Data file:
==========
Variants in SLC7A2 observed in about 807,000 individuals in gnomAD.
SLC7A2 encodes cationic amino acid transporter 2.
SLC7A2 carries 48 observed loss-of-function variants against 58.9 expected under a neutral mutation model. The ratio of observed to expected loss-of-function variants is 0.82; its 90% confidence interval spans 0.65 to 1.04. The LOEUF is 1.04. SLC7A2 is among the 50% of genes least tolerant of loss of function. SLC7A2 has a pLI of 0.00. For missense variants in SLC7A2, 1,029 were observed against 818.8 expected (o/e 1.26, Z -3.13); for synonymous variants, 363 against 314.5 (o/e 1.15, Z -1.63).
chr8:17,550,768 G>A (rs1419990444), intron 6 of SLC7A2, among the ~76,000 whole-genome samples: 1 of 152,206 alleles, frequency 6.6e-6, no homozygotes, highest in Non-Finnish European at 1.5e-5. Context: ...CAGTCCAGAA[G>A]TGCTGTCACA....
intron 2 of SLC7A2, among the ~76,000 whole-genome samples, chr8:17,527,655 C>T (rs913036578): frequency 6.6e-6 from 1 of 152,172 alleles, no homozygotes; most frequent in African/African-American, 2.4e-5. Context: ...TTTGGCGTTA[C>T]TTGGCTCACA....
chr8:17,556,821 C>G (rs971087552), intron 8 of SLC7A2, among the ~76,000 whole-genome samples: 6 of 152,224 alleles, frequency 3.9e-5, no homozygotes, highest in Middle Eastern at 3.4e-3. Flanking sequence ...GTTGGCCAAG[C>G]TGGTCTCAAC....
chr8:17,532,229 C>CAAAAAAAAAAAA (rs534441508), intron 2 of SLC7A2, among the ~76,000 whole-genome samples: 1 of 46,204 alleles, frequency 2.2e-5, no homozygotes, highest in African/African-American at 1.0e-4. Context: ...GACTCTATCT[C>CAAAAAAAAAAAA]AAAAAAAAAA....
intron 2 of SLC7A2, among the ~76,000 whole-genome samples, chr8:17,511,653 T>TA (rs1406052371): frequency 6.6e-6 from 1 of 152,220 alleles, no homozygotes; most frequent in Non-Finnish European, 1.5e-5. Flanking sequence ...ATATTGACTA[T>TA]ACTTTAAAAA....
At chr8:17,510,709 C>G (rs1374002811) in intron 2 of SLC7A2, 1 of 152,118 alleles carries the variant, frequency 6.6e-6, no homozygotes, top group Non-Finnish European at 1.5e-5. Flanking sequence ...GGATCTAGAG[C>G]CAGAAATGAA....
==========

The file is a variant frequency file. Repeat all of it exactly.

Variants in SLC7A2 observed in about 807,000 individuals in gnomAD.
SLC7A2 encodes cationic amino acid transporter 2.
SLC7A2 carries 48 observed loss-of-function variants against 58.9 expected under a neutral mutation model. The ratio of observed to expected loss-of-function variants is 0.82; its 90% confidence interval spans 0.65 to 1.04. The LOEUF is 1.04. SLC7A2 is among the 50% of genes least tolerant of loss of function. SLC7A2 has a pLI of 0.00. For missense variants in SLC7A2, 1,029 were observed against 818.8 expected (o/e 1.26, Z -3.13); for synonymous variants, 363 against 314.5 (o/e 1.15, Z -1.63).
chr8:17,550,768 G>A (rs1419990444), intron 6 of SLC7A2, among the ~76,000 whole-genome samples: 1 of 152,206 alleles, frequency 6.6e-6, no homozygotes, highest in Non-Finnish European at 1.5e-5. Context: ...CAGTCCAGAA[G>A]TGCTGTCACA....
intron 2 of SLC7A2, among the ~76,000 whole-genome samples, chr8:17,527,655 C>T (rs913036578): frequency 6.6e-6 from 1 of 152,172 alleles, no homozygotes; most frequent in African/African-American, 2.4e-5. Context: ...TTTGGCGTTA[C>T]TTGGCTCACA....
chr8:17,556,821 C>G (rs971087552), intron 8 of SLC7A2, among the ~76,000 whole-genome samples: 6 of 152,224 alleles, frequency 3.9e-5, no homozygotes, highest in Middle Eastern at 3.4e-3. Flanking sequence ...GTTGGCCAAG[C>G]TGGTCTCAAC....
chr8:17,532,229 C>CAAAAAAAAAAAA (rs534441508), intron 2 of SLC7A2, among the ~76,000 whole-genome samples: 1 of 46,204 alleles, frequency 2.2e-5, no homozygotes, highest in African/African-American at 1.0e-4. Context: ...GACTCTATCT[C>CAAAAAAAAAAAA]AAAAAAAAAA....
intron 2 of SLC7A2, among the ~76,000 whole-genome samples, chr8:17,511,653 T>TA (rs1406052371): frequency 6.6e-6 from 1 of 152,220 alleles, no homozygotes; most frequent in Non-Finnish European, 1.5e-5. Flanking sequence ...ATATTGACTA[T>TA]ACTTTAAAAA....
At chr8:17,510,709 C>G (rs1374002811) in intron 2 of SLC7A2, 1 of 152,118 alleles carries the variant, frequency 6.6e-6, no homozygotes, top group Non-Finnish European at 1.5e-5. Flanking sequence ...GGATCTAGAG[C>G]CAGAAATGAA....